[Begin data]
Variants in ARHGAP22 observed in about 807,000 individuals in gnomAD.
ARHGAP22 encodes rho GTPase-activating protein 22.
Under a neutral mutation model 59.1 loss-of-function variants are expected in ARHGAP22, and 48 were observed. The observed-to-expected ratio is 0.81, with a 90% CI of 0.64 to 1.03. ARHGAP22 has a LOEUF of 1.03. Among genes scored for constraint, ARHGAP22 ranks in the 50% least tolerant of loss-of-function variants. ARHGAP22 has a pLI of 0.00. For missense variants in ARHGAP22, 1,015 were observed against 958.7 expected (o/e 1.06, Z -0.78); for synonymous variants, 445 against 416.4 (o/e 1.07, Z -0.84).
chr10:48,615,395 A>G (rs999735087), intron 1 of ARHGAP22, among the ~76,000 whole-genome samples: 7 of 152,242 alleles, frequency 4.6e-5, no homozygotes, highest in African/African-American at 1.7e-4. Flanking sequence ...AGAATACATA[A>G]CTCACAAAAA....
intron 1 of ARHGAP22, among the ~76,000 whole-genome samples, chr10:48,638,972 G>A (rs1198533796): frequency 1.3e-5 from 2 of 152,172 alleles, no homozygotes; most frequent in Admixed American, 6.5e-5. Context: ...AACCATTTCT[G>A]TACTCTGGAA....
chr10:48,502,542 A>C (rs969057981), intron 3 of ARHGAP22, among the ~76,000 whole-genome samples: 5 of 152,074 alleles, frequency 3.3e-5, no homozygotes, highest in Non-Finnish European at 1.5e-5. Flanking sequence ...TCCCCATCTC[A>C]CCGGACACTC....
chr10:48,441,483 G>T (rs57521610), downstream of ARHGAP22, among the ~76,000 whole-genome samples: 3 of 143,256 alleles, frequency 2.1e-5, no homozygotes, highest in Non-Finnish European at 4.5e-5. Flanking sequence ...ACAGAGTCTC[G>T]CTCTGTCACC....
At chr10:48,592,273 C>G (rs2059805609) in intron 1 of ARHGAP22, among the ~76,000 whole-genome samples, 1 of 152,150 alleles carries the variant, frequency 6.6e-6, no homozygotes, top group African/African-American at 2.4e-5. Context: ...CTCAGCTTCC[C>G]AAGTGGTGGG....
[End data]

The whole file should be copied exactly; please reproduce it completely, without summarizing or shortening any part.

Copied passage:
Variants in ARHGAP22 observed in about 807,000 individuals in gnomAD.
ARHGAP22 encodes rho GTPase-activating protein 22.
Under a neutral mutation model 59.1 loss-of-function variants are expected in ARHGAP22, and 48 were observed. The observed-to-expected ratio is 0.81, with a 90% CI of 0.64 to 1.03. ARHGAP22 has a LOEUF of 1.03. Among genes scored for constraint, ARHGAP22 ranks in the 50% least tolerant of loss-of-function variants. ARHGAP22 has a pLI of 0.00. For missense variants in ARHGAP22, 1,015 were observed against 958.7 expected (o/e 1.06, Z -0.78); for synonymous variants, 445 against 416.4 (o/e 1.07, Z -0.84).
chr10:48,615,395 A>G (rs999735087), intron 1 of ARHGAP22, among the ~76,000 whole-genome samples: 7 of 152,242 alleles, frequency 4.6e-5, no homozygotes, highest in African/African-American at 1.7e-4. Flanking sequence ...AGAATACATA[A>G]CTCACAAAAA....
intron 1 of ARHGAP22, among the ~76,000 whole-genome samples, chr10:48,638,972 G>A (rs1198533796): frequency 1.3e-5 from 2 of 152,172 alleles, no homozygotes; most frequent in Admixed American, 6.5e-5. Context: ...AACCATTTCT[G>A]TACTCTGGAA....
chr10:48,502,542 A>C (rs969057981), intron 3 of ARHGAP22, among the ~76,000 whole-genome samples: 5 of 152,074 alleles, frequency 3.3e-5, no homozygotes, highest in Non-Finnish European at 1.5e-5. Flanking sequence ...TCCCCATCTC[A>C]CCGGACACTC....
chr10:48,441,483 G>T (rs57521610), downstream of ARHGAP22, among the ~76,000 whole-genome samples: 3 of 143,256 alleles, frequency 2.1e-5, no homozygotes, highest in Non-Finnish European at 4.5e-5. Flanking sequence ...ACAGAGTCTC[G>T]CTCTGTCACC....
At chr10:48,592,273 C>G (rs2059805609) in intron 1 of ARHGAP22, among the ~76,000 whole-genome samples, 1 of 152,150 alleles carries the variant, frequency 6.6e-6, no homozygotes, top group African/African-American at 2.4e-5. Context: ...CTCAGCTTCC[C>G]AAGTGGTGGG....